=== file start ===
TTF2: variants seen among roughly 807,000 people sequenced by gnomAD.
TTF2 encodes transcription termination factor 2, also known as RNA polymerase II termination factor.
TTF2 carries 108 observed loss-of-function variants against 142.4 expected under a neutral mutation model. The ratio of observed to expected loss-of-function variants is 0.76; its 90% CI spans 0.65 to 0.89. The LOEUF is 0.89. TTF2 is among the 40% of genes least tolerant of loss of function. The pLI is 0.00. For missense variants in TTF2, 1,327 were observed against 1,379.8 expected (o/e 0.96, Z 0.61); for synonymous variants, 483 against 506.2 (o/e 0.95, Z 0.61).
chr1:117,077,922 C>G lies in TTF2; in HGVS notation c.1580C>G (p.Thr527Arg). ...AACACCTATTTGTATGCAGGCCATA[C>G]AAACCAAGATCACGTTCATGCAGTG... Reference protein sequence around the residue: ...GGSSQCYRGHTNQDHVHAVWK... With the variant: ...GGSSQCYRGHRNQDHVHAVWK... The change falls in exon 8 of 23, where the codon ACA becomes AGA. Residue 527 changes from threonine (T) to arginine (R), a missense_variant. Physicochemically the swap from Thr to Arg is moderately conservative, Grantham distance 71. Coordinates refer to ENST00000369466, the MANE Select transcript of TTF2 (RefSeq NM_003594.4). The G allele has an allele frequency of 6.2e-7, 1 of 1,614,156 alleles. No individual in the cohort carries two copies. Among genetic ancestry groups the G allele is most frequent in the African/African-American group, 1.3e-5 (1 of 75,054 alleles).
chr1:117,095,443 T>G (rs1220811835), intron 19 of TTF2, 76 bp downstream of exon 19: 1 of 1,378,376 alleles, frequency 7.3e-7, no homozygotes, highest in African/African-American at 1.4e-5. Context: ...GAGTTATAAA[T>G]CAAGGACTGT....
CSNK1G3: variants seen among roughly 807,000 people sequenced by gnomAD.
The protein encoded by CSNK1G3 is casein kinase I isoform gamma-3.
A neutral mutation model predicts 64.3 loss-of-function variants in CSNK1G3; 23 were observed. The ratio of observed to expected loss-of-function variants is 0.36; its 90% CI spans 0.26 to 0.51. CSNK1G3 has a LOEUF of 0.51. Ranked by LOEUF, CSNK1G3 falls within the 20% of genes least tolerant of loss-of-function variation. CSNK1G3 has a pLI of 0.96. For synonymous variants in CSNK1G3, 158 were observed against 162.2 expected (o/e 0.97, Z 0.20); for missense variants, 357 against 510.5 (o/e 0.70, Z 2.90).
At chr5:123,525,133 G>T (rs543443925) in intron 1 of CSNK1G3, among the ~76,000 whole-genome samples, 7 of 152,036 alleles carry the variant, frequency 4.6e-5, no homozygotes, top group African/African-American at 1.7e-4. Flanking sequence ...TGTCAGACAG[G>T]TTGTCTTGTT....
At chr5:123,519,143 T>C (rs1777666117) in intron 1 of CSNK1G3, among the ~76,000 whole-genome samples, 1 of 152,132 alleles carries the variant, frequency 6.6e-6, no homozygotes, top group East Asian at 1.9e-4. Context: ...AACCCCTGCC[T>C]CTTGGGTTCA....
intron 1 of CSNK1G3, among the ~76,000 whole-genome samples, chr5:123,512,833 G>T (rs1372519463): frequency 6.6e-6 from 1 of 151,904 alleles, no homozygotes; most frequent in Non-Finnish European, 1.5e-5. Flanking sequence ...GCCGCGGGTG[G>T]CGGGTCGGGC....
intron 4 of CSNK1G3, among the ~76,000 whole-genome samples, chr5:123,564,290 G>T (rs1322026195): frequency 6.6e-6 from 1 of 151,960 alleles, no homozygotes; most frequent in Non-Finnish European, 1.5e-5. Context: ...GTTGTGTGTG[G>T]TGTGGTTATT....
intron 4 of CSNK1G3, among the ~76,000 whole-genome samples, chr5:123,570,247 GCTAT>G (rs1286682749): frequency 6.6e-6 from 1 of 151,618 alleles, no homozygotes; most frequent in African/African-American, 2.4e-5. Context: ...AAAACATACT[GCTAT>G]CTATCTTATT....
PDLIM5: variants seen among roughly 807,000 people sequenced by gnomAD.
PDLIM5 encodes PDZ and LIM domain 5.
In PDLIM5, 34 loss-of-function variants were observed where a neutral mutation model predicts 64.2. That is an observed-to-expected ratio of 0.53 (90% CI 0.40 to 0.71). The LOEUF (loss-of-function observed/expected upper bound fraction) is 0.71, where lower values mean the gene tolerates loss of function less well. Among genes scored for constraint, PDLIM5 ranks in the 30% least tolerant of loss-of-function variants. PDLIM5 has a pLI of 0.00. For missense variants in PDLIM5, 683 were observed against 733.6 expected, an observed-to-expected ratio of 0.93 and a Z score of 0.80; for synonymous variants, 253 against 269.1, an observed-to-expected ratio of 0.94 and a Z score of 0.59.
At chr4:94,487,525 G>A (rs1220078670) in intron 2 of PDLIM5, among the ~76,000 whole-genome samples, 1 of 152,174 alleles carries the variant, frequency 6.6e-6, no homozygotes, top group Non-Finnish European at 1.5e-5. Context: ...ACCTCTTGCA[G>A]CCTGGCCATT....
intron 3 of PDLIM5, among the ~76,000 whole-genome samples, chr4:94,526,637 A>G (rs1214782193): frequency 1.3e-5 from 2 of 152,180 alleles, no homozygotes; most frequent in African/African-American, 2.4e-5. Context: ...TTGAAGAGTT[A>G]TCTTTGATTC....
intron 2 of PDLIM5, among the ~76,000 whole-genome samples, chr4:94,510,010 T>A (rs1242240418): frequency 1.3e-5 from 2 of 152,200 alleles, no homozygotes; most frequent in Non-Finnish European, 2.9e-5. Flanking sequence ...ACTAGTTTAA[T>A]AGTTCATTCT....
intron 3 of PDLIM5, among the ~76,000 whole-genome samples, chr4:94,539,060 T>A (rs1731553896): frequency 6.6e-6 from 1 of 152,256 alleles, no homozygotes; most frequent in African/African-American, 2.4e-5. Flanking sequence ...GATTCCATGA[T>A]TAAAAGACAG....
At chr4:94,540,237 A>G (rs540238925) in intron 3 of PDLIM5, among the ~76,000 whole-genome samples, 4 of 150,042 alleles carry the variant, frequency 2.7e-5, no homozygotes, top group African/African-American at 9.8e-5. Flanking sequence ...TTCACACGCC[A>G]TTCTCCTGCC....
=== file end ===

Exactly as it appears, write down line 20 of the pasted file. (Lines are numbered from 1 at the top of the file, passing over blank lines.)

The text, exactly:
intron 3 of PDLIM5, among the ~76,000 whole-genome samples, chr4:94,539,060 T>A (rs1731553896): frequency 6.6e-6 from 1 of 152,256 alleles, no homozygotes; most frequent in African/African-American, 2.4e-5. Flanking sequence ...GATTCCATGA[T>A]TAAAAGACAG....